Intro to balls and ramps

Our new topic is the sixth and final unit in the PEEP science curriculum. The topic of balls and ramps is a lot of fun and appeals to many types of learners, especially kinesthetic learners – those who learn while moving.

We began the unit during circle time. I showed the children some wooden molding in a variety of lengths and asked them what they thought we could do with it.  I got some interesting responses as children came forward in turn and demonstrated how the molding could be used as a cane, hockey stick, baseball bat, and a twirling baton. In order to have a common vocabulary, I suggested that we all use the word “ramp” when referring to the molding.

Next, I brought out a series of balls: a tennis ball, wiffle ball, handball, baseball, rubber ball, golf ball, and so on.  We discussed each ball’s purpose and examined its properties—round, hard, soft, fuzzy, smooth, bumpy, has holes, has stitches, etc. Some children discussed what materials the balls were made of and there were a few conjectures about that.

Finally, I offered one ball and one ramp and asked the group, What could you do with these? Victor rushed forward and held the ramp vertically. He placed the tennis ball on the high end and watched it fall. He readjusted the angle of the ramp and replaced the tennis ball. Children cheered as his ball rolled down the ramp.  I asked if anyone had another idea about how to use the ramp and ball together. Xavier placed the ramp horizontally on the floor, placed the tennis ball on it, and used his hand to give the ball a little push. We watched it roll to the end of the ramp.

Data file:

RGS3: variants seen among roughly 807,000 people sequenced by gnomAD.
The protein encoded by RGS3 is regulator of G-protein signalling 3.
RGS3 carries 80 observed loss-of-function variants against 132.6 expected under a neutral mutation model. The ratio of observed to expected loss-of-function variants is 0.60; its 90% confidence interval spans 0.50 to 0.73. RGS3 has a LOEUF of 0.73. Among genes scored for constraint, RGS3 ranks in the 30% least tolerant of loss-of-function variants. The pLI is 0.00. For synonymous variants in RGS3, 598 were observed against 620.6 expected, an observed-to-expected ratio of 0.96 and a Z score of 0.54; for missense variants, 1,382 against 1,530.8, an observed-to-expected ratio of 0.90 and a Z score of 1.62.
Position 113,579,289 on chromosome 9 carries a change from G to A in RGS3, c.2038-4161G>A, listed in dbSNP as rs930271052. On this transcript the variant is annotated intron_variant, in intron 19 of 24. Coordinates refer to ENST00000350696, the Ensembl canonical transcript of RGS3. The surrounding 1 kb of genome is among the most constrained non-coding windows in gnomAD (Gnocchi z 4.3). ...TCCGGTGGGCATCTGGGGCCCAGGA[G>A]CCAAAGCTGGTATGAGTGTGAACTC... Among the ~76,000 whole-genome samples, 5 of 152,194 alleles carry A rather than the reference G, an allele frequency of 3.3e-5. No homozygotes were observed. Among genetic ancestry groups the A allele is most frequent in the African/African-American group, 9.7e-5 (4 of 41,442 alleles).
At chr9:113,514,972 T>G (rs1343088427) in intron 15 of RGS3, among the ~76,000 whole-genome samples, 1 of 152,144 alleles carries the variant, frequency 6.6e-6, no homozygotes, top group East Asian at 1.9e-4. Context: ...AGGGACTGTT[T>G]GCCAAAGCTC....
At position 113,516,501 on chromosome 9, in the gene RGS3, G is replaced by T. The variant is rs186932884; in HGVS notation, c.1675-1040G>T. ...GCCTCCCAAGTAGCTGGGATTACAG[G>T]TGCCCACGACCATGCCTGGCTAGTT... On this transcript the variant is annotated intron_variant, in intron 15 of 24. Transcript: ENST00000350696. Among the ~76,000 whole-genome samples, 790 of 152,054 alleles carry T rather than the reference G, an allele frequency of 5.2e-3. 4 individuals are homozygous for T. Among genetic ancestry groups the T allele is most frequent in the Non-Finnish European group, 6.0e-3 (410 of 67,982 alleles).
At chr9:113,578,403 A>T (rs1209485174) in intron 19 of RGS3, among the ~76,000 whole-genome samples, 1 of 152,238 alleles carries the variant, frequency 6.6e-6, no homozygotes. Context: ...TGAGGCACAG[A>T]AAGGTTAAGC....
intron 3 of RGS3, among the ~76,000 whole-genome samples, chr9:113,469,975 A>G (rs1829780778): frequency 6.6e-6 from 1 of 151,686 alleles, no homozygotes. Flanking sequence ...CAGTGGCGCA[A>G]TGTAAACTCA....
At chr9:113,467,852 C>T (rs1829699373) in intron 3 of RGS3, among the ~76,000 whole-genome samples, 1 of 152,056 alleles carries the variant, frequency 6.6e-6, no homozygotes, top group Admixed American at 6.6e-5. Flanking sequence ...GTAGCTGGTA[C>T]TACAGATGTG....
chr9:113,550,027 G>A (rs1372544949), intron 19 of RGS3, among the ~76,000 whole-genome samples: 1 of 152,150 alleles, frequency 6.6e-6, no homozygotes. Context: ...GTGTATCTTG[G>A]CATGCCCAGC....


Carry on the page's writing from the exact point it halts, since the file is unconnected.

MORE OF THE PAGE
I let the children know that ramps and balls would be available in the block area for them to explore. Since this is free exploration time, I gave no directions except for safety rules. I also set up a table with some small ramps to investigate by working in pairs.

In our block area, I observed Victor and Xavier each using balls and ramps independently. They were clearly pleased with simply placing balls on an inclined ramp and watching them roll down.

After several minutes of repeating this practice, they looked at one another and came up with the idea of connecting their ramps. At first they tried to do it by holding the ramps, but they found that unstable and their hands kept getting in the way of the ball. We need something to hold them up, suggested one boy. And we need something to put them together and hold them together! added another.

It was a challenge to say the least, but with perseverance and the ingenuity to use other furniture and classroom materials, they constructed a ramp that satisfied them. This is a really good one, says Victor. It has levels.

As the week went on, the designs of the ramps became more sophisticated. I’m looking forward to seeing what develops and hearing their explanations and early theories.

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